While the flowery wreaths behind her honored those that died in war, Dwaina Young was handed honors for a man who lived to come home and raise children but was never recognized.
At a Memorial Day ceremony at the Veterans of All Wars Monument in Augusta, Mrs. Young accepted posthumously her father's two Bronze Star Medals, his Purple Heart, and other medals and ribbons from his service in World War II. As she wiped away tears, she smiled and looked upward, pointing at the sky and her father, Staff Sgt. Donnie A. Smith.
"I think he's proud that this can be brought to a closure," Mrs. Young said. She doesn't know why her father never got his medals, only that he never talked about his combat experience in the European Theater.
"He just always said if you had been there and seen battle, you didn't brag about it," she said. And it's not unusual to see after a war that some people don't pursue honors and medals, said U.S. Rep. Charlie Norwood, R-Ga., who finally got the honors and bestowed them on the family at the ceremony.
"They're just so grateful to be alive and so anxious to get home," Dr. Norwood said.
But then as Mr. Smith battled terminal cancer for 19 months, he began to wish for the medals to give to her, and his grandchildren and great-grandchildren. He died in December 1995 before he got his wish, Mrs. Young said.
Now clutching the plaques and surrounded by some of those great-grandchildren, Brittani and William Keith Apple, Mrs. Young knew what her father would want her to do.
"I'm going to take them home and show them to his grandchildren and great-grandchildren and then put them in a cabinet and cherish them," she said.
The posthumous medals brought tears to the eyes of many in the crowd, and served as a reminder for some that the survivors of World War II are now joining their comrades who didn't make it.
"There aren't but a few of us here," said Jesse Mayes, 75, of Augusta as he sat on a folding chair in the shade alongside ex-prisoner of war Henry L. Harrison, 78, of Augusta. "There aren't too many World War II veterans anywhere."
After his B-17 Flying Fortress bomber was forced down in the Bavarian Alps, Mr. Harrison spent 300 days in Stalag Luft 1, a prison camp for flyers, before being liberated on May 1, 1945. He was shocked recently when his grandson came to him and said, "Tell me about World War II," because he wasn't learning it in school. Mr. Harrison has also watched sadly as the number of ex-POWs from World War II has dwindled from 95,000 just after the war to about 55,000 now.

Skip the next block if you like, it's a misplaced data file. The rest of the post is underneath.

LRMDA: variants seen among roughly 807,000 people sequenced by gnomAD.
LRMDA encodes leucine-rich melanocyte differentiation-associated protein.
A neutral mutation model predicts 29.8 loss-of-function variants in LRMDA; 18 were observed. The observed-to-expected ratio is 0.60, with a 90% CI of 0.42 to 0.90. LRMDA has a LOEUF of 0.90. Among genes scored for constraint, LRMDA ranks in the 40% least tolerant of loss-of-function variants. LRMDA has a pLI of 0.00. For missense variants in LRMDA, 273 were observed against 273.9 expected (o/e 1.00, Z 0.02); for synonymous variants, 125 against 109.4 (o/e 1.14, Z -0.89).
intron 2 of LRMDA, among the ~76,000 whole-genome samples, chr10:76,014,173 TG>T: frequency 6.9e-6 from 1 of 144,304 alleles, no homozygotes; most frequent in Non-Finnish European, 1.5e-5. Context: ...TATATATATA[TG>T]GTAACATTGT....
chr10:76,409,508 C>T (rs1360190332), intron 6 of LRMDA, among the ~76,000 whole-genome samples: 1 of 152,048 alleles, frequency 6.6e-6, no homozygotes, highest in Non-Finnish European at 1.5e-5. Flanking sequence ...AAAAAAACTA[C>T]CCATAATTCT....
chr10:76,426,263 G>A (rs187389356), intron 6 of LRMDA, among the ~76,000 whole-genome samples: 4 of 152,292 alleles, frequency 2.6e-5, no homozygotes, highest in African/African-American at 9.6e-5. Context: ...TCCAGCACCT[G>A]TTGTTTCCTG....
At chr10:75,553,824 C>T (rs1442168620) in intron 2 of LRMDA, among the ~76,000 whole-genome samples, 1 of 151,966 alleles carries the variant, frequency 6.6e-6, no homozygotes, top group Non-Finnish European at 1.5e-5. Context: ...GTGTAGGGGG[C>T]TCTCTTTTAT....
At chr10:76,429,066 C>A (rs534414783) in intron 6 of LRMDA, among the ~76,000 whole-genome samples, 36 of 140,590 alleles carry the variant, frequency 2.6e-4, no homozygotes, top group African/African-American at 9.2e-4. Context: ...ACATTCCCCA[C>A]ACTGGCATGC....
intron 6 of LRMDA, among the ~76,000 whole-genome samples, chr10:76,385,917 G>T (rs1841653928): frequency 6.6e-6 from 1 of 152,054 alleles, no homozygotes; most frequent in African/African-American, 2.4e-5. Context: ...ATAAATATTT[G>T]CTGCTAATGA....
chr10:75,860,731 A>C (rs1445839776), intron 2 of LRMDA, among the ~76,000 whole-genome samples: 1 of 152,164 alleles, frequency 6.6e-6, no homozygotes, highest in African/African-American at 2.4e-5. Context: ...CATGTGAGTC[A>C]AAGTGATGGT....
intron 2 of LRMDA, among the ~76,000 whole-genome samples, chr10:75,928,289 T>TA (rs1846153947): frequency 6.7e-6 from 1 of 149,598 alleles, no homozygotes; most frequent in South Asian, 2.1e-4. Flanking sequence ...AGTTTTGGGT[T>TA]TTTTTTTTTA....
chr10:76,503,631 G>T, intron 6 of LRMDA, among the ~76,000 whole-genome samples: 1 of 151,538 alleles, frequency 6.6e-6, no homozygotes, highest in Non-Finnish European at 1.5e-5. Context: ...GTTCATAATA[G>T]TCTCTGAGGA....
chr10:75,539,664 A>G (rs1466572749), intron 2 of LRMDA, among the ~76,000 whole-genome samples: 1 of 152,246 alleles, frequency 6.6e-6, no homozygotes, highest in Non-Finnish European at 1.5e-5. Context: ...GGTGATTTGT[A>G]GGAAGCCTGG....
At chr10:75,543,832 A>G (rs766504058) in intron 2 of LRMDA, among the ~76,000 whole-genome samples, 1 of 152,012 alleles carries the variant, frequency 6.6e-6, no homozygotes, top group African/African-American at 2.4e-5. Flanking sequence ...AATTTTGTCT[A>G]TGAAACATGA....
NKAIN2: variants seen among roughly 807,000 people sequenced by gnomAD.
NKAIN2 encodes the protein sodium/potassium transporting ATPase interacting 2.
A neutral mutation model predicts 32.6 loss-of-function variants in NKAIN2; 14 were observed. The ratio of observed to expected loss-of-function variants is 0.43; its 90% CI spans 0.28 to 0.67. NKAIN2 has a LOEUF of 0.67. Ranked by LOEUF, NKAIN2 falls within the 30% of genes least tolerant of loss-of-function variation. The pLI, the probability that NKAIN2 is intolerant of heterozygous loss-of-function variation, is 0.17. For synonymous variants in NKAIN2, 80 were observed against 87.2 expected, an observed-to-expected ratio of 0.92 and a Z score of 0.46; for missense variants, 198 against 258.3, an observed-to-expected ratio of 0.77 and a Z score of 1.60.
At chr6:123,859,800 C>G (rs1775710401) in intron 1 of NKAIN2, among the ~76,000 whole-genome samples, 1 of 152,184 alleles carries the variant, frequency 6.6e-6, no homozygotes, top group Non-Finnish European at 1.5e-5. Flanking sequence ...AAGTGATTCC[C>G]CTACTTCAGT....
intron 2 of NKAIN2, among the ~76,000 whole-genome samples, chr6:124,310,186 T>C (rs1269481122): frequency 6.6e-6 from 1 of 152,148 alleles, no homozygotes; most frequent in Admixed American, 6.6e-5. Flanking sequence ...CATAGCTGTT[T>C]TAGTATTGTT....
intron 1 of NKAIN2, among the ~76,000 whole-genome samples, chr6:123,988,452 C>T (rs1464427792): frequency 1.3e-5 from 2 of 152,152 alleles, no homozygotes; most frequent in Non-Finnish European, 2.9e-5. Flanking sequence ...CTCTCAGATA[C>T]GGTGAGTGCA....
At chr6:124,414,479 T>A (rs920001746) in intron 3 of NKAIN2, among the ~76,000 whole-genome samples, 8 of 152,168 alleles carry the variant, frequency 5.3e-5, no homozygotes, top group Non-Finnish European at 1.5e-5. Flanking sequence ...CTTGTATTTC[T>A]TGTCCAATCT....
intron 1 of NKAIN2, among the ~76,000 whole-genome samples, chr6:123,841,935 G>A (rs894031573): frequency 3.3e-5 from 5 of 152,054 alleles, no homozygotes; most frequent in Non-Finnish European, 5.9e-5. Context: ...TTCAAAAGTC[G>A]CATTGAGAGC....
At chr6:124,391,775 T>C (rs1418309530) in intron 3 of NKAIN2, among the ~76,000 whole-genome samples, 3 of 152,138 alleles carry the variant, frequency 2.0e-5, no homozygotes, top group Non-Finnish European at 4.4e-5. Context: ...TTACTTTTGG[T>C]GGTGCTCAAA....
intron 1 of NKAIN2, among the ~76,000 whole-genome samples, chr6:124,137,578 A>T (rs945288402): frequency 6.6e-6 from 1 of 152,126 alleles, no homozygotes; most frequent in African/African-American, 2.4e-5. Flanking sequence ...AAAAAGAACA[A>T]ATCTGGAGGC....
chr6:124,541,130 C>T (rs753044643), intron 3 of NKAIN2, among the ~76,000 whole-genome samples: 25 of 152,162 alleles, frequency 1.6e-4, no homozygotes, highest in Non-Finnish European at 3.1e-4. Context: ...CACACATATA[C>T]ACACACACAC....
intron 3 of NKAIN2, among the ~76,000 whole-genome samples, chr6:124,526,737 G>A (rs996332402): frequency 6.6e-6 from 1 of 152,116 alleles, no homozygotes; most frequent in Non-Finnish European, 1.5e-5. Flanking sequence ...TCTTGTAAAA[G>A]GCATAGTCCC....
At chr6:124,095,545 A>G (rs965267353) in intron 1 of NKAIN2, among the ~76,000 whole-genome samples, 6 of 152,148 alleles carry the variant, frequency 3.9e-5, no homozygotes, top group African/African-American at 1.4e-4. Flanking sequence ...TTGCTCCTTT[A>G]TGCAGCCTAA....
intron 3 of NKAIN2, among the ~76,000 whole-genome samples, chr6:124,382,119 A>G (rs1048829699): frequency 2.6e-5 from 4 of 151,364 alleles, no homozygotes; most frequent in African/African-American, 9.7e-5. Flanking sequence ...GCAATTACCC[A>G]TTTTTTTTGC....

"That's a third of us gone," he said. "I imagine time will take care of more of us in the next few years."
Time has not swept away the memories of those like Carl Pagano, who visits the Vietnam War memorial at Wade Hampton Veterans Park in North Augusta at least once a week to pray.
"Every day is Memorial Day to me," the Vietnam veteran said.
He was among a crowd of about 200 people who gathered at the park on Georgia Avenue to honor the men and women who gave their lives in defense of their country.
"War is the worst inflation ever visited upon humanity, for it reflects the high cost of freedom," said Rudy Harris, commander of the Jesse C. Lynch Memorial Post 71 of the American Legion.
Those who gathered under the tall trees in Wade Hampton park were doing their duty by remembering.
"If we forget those who have died, we forget part of ourselves and we lose part of ourselves as a people," said Rev. Andrew Menger, the son of James C. Bush Sr, one of the founders of Post 71.
For many on Monday, the ceremony awakened old emotions that only the crack of rifle shot and bugle call could give voice to. Vietnam veteran Robert Little's smart salute never wavered as the sharp volleys rang out from the honor guard. But as the long, lonely notes of "Taps" floated over the crowd, his cheek turned shiny, though his hand never strayed to wipe away the tears. Asked if he had lost a lot of friends in Vietnam, he merely swallowed and nodded.
Their names went unspoken, but not forgotten.